Last month the US government Centers for Medicare & Medicaid Services (CMS) announced a “new initiative designed to identify, test, and evaluate innovative ways to improve care for Medicare beneficiaries with End-Stage Renal Disease.” Through the initiative, CMS will “partner with health care providers and suppliers to test the effectiveness of a new payment and service delivery model in providing these beneficiaries with patient-centered, high-quality care.”
Increased level of care benefits kidney community and reduces Medicare budget.
This will greatly benefit the people on Medicare who have ESRD and who, according to the CMS, “have significant health care needs” and “accounted for an estimated 7.5% of Medicare spending, totaling over $20 billion in 2010.” According to the CMS, “These high costs are often the result of underlying disease complications and multiple co-morbidities, such as coronary artery disease and hypertension, which often lead to high rates of hospital admission and readmissions, as well as a mortality rate that is much higher than the general Medicare population.”
Titled, the Comprehensive ESRD Care Initiative, CMS will enter into agreements with groups of health care providers and suppliers, called ESRD Seamless Care Organizations. Providers and CMS will work together to provide beneficiaries with a more patient-centered, coordinated care experience. Participating organizations must include at least a dialysis facility, a nephrologist, and one other Medicare provider or supplier. This initiative is being run through the CMS Innovation Center, which was created by the Affordable Care Act to test new models of delivering health care that can potentially lower costs and improve patient care.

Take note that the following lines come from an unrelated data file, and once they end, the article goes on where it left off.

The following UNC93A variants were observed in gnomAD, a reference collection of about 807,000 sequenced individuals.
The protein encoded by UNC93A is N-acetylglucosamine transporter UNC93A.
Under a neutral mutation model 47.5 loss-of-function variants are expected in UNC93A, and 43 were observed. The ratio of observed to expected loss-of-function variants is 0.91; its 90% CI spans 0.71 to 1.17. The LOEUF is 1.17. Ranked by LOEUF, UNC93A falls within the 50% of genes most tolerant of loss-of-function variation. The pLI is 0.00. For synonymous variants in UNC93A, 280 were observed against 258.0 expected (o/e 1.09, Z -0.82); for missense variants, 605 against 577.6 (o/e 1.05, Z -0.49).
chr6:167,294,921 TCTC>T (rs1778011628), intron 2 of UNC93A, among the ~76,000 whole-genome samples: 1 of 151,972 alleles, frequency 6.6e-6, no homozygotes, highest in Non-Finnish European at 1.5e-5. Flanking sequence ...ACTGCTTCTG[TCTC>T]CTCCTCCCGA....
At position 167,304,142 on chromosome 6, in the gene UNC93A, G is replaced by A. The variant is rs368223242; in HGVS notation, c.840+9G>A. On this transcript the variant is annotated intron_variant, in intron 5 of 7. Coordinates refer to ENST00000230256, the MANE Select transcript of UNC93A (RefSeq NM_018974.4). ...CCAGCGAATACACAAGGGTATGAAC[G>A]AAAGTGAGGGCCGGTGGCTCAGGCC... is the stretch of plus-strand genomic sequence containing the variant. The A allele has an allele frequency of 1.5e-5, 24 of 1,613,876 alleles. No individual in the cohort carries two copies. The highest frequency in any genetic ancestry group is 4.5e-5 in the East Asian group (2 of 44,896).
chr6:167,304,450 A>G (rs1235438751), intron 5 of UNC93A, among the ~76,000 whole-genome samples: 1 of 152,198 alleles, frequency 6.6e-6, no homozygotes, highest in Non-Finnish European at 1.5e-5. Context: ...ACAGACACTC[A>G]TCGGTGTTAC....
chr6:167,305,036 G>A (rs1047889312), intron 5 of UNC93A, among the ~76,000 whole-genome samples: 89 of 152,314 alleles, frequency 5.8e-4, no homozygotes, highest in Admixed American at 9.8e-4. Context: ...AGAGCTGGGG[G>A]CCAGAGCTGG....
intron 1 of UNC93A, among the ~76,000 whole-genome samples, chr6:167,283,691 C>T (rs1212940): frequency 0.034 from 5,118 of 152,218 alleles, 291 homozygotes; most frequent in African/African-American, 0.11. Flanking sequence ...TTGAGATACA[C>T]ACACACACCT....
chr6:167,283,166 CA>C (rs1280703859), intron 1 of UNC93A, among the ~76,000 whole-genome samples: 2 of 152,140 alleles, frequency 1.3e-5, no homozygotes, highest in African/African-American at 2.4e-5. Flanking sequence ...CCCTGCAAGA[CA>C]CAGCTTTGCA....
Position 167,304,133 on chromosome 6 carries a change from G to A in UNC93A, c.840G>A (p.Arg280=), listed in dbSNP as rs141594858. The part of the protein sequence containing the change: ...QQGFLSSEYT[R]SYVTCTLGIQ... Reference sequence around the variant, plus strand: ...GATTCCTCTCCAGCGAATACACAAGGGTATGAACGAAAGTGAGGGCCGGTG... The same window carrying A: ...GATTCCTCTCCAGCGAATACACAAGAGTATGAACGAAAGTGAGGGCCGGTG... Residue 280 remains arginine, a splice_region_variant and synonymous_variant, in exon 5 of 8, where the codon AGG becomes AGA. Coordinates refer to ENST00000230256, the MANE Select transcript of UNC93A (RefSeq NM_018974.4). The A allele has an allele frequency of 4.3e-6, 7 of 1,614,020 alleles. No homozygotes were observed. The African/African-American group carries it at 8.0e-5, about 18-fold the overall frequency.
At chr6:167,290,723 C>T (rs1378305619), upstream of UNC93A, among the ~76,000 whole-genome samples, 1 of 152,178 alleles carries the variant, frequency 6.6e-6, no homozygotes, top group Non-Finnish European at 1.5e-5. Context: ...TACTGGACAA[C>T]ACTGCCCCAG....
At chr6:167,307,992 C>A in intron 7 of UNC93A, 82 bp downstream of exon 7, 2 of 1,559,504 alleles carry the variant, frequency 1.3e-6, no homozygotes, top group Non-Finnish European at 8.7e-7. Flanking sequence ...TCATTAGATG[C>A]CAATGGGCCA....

Results based incentive.
Although it is much too early in the process to even speculate on what may come of the federal government’s renewed interest in improving options for Medicare recipients with ESRD, this is an initiative deserving of support. The current approach to treating ESRD appears to be less than cost-effective, and an initiative aimed at improving ESRD service and reducing Medicare cost is a positive occurrence for individuals with ESRD, care providers, and the general public.
CMS notes that under the initiative, “participating organizations will assume clinical and financial responsibility for a group of beneficiaries with ESRD, based on where these beneficiaries receive services." Though beneficiaries will retain the right to see any Medicare provider they choose, organizations will be evaluated on performance and quality measures, including beneficiary health and experience. Providers successful in improving beneficiary health outcomes and lowering the per capita cost of care for beneficiaries will have an opportunity to share in Medicare savings with CMS.
The bottom line.
This Comprehensive ESRD Care Initiative is incentive based and appears promising because it rewards results of care rather than methodology. If successful, this program will benefit late stage kidney disease sufferers as well as the health of the Medicare system. KidneyBuzz will continue to follow this program as new developments unfold.